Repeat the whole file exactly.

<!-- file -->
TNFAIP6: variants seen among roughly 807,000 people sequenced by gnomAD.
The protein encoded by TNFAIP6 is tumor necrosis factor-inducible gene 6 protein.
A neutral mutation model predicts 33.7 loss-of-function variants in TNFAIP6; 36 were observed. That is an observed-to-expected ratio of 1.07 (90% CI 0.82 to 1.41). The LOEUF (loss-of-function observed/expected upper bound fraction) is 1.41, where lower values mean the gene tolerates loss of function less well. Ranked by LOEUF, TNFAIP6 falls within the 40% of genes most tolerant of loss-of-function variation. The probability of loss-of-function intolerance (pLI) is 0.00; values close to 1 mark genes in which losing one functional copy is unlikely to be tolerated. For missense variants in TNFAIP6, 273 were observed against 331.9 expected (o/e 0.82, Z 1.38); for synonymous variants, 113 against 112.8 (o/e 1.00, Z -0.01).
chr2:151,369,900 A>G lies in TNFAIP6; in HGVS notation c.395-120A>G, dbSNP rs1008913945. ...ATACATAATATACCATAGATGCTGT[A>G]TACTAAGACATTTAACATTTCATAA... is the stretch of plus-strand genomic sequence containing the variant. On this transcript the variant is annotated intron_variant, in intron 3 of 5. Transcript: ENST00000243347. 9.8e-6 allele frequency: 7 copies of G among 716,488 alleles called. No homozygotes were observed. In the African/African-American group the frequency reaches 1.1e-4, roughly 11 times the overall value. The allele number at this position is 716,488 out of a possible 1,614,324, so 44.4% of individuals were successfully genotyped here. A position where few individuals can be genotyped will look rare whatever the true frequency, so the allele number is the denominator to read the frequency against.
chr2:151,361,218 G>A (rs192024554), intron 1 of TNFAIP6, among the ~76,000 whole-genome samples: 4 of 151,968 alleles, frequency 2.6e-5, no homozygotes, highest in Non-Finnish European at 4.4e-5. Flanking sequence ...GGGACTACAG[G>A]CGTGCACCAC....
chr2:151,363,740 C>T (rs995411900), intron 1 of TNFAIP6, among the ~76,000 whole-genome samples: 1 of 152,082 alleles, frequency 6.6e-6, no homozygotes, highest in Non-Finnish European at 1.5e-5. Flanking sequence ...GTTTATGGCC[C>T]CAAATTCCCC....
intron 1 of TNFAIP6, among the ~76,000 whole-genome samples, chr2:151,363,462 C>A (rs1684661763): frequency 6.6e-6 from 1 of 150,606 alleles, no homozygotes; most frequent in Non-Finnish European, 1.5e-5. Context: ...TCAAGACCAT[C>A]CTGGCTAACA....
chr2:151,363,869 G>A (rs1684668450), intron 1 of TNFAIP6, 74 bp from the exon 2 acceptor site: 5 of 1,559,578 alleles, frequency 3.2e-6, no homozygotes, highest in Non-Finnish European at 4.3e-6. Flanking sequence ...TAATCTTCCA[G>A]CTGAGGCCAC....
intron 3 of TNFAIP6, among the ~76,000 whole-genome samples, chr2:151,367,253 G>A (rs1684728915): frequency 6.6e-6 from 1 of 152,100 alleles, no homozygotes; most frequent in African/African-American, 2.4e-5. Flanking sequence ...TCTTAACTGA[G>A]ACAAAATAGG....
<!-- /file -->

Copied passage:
TNFAIP6: variants seen among roughly 807,000 people sequenced by gnomAD.
The protein encoded by TNFAIP6 is tumor necrosis factor-inducible gene 6 protein.
A neutral mutation model predicts 33.7 loss-of-function variants in TNFAIP6; 36 were observed. That is an observed-to-expected ratio of 1.07 (90% CI 0.82 to 1.41). The LOEUF (loss-of-function observed/expected upper bound fraction) is 1.41, where lower values mean the gene tolerates loss of function less well. Ranked by LOEUF, TNFAIP6 falls within the 40% of genes most tolerant of loss-of-function variation. The probability of loss-of-function intolerance (pLI) is 0.00; values close to 1 mark genes in which losing one functional copy is unlikely to be tolerated. For missense variants in TNFAIP6, 273 were observed against 331.9 expected (o/e 0.82, Z 1.38); for synonymous variants, 113 against 112.8 (o/e 1.00, Z -0.01).
chr2:151,369,900 A>G lies in TNFAIP6; in HGVS notation c.395-120A>G, dbSNP rs1008913945. ...ATACATAATATACCATAGATGCTGT[A>G]TACTAAGACATTTAACATTTCATAA... is the stretch of plus-strand genomic sequence containing the variant. On this transcript the variant is annotated intron_variant, in intron 3 of 5. Transcript: ENST00000243347. 9.8e-6 allele frequency: 7 copies of G among 716,488 alleles called. No homozygotes were observed. In the African/African-American group the frequency reaches 1.1e-4, roughly 11 times the overall value. The allele number at this position is 716,488 out of a possible 1,614,324, so 44.4% of individuals were successfully genotyped here. A position where few individuals can be genotyped will look rare whatever the true frequency, so the allele number is the denominator to read the frequency against.
chr2:151,361,218 G>A (rs192024554), intron 1 of TNFAIP6, among the ~76,000 whole-genome samples: 4 of 151,968 alleles, frequency 2.6e-5, no homozygotes, highest in Non-Finnish European at 4.4e-5. Flanking sequence ...GGGACTACAG[G>A]CGTGCACCAC....
chr2:151,363,740 C>T (rs995411900), intron 1 of TNFAIP6, among the ~76,000 whole-genome samples: 1 of 152,082 alleles, frequency 6.6e-6, no homozygotes, highest in Non-Finnish European at 1.5e-5. Flanking sequence ...GTTTATGGCC[C>T]CAAATTCCCC....
intron 1 of TNFAIP6, among the ~76,000 whole-genome samples, chr2:151,363,462 C>A (rs1684661763): frequency 6.6e-6 from 1 of 150,606 alleles, no homozygotes; most frequent in Non-Finnish European, 1.5e-5. Context: ...TCAAGACCAT[C>A]CTGGCTAACA....
chr2:151,363,869 G>A (rs1684668450), intron 1 of TNFAIP6, 74 bp from the exon 2 acceptor site: 5 of 1,559,578 alleles, frequency 3.2e-6, no homozygotes, highest in Non-Finnish European at 4.3e-6. Flanking sequence ...TAATCTTCCA[G>A]CTGAGGCCAC....
intron 3 of TNFAIP6, among the ~76,000 whole-genome samples, chr2:151,367,253 G>A (rs1684728915): frequency 6.6e-6 from 1 of 152,100 alleles, no homozygotes; most frequent in African/African-American, 2.4e-5. Flanking sequence ...TCTTAACTGA[G>A]ACAAAATAGG....